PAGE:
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Default help perhaps...

STAY AWAY from flux core wire, AWFUL to work with unless its all you have and your welding something you don't have to trust your life with so to speak. Its basically arc welding with wire... If you have an argon machine and you have argon, stick with it. I was an exhaust tech. at an extremely busy custom exhaust shop for 5 yrs. and have welded tons of mild steel and stainless exhaust etc. If you can, get a scrap piece of steel thats around or the same thickness and experiment on it, but It sounds to me like you need to crank the voltage up, or keep the same voltage, slow the wire speed down a bit and travel a bit slower to flatten the bead out... Hope this helps, if not sorry to have wasted 2 min.'s of your time...
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Old 01-03-2012, 01:46 PM   #8
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how is your houses wiring? are you running this on a 15amp or 20amp circuit? i know i made my little lincoln 110v welder much better by having it on a 20amp and upgrading the power wire on the machine. you should be able to do 10ga easy with that.
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Old 01-03-2012, 02:16 PM   #9
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I have a Miller 130 and have had no problems burning right through metal that size

everyone else pretty much said it. Paranoid hit on a good point as well. Even if your on a good 20A circuit if your using an extension cord make sure its at least a #12 wire. I use a 10/3 10' cord when I need too.
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Old 01-17-2012, 07:08 PM   #10
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You shouldn't have any problem making that weld with that machine. If you can't turn up the heat, try dropping feed rate, or even dropping a wire size. Anything to allow you to sit in the same spot for longer and weld it through. If you post a picture of a sample bead people might be able to criticize your technique and provide pointers.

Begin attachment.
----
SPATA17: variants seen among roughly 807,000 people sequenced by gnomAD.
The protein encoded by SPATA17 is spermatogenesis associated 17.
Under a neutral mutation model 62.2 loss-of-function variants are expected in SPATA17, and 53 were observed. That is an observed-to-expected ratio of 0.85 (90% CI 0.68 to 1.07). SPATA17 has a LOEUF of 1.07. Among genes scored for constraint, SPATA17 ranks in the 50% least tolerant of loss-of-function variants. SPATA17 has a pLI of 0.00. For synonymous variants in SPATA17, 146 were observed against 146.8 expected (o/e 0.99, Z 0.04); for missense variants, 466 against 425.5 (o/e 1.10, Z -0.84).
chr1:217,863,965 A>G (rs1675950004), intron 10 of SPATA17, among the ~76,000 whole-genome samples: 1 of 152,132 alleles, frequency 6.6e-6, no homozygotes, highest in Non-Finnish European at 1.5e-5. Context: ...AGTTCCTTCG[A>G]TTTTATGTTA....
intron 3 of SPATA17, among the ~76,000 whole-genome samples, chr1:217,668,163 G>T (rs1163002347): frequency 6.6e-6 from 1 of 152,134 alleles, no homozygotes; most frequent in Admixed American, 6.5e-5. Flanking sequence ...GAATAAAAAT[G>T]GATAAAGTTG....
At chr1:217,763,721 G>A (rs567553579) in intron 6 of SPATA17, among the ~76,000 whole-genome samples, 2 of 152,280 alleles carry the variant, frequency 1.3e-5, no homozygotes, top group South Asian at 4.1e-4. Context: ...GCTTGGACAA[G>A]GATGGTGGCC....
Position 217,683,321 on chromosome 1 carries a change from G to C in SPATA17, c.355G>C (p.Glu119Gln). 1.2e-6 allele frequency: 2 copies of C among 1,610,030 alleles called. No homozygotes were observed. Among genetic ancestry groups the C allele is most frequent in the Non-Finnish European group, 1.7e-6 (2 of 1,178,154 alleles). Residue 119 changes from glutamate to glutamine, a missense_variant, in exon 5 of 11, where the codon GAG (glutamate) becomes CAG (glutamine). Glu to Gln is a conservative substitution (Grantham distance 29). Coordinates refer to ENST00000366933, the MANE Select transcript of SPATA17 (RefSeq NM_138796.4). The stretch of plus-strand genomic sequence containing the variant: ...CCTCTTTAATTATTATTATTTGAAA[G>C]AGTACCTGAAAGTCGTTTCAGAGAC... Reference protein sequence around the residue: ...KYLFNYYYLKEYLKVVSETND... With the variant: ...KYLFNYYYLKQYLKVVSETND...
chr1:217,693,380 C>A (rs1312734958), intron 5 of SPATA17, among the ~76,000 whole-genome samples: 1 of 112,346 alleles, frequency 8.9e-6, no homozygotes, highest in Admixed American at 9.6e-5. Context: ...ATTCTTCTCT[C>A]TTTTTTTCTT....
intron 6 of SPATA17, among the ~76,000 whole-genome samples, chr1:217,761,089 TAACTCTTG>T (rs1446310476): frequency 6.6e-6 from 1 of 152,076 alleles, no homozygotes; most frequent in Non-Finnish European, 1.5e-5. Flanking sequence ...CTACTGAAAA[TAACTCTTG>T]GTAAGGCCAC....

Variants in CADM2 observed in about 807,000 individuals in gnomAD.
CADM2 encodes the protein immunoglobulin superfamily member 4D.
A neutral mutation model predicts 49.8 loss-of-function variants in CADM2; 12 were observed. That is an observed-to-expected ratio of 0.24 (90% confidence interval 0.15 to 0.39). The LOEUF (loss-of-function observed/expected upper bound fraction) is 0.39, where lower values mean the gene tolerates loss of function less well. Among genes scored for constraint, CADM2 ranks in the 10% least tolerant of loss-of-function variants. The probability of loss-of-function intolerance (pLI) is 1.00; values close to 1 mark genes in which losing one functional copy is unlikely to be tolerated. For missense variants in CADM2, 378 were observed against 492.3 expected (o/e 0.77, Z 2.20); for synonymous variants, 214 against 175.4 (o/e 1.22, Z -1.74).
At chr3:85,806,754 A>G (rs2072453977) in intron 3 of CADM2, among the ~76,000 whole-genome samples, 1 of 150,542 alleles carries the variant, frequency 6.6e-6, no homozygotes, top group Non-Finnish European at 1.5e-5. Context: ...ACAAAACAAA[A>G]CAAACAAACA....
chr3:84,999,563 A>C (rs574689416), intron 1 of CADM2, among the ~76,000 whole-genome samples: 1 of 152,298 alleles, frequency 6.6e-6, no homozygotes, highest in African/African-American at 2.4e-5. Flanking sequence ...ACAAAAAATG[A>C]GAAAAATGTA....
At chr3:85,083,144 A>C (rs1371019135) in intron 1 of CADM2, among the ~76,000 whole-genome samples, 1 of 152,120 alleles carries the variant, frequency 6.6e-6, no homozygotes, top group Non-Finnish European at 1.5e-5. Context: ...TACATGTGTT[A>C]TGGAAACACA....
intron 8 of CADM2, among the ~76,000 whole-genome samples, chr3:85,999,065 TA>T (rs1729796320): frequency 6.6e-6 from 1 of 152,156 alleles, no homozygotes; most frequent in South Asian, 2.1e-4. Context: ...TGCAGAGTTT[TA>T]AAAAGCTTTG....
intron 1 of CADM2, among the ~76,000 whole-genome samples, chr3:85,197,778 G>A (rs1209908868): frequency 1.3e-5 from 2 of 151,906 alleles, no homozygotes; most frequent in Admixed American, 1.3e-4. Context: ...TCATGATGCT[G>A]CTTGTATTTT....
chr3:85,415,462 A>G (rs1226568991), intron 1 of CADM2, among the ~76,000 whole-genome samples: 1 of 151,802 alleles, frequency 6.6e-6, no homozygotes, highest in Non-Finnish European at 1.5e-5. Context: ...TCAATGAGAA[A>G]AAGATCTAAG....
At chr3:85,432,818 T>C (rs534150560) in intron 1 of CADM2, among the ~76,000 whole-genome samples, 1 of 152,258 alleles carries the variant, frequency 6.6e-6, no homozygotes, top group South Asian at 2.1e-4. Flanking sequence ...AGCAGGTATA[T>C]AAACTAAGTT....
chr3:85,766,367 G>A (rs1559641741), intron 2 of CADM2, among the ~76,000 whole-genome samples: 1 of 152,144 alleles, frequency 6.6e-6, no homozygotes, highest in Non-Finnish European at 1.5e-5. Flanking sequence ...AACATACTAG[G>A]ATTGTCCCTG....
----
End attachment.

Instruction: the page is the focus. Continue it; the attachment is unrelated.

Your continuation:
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Old 01-19-2012, 07:42 PM   #11
eg33GC
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Quote:
Originally Posted by skinneone View Post
STAY AWAY from flux core wire, AWFUL to work with unless its all you have and your welding something you don't have to trust your life with so to speak. Its basically arc welding with wire... If you have an argon machine and you have argon, stick with it. I was an exhaust tech. at an extremely busy custom exhaust shop for 5 yrs. and have welded tons of mild steel and stainless exhaust etc. If you can, get a scrap piece of steel thats around or the same thickness and experiment on it, but It sounds to me like you need to crank the voltage up, or keep the same voltage, slow the wire speed down a bit and travel a bit slower to flatten the bead out... Hope this helps, if not sorry to have wasted 2 min.'s of your time...
shielded flux core is the industry standard for heavy duty applications.

normal flux core, gassles, sucks ass.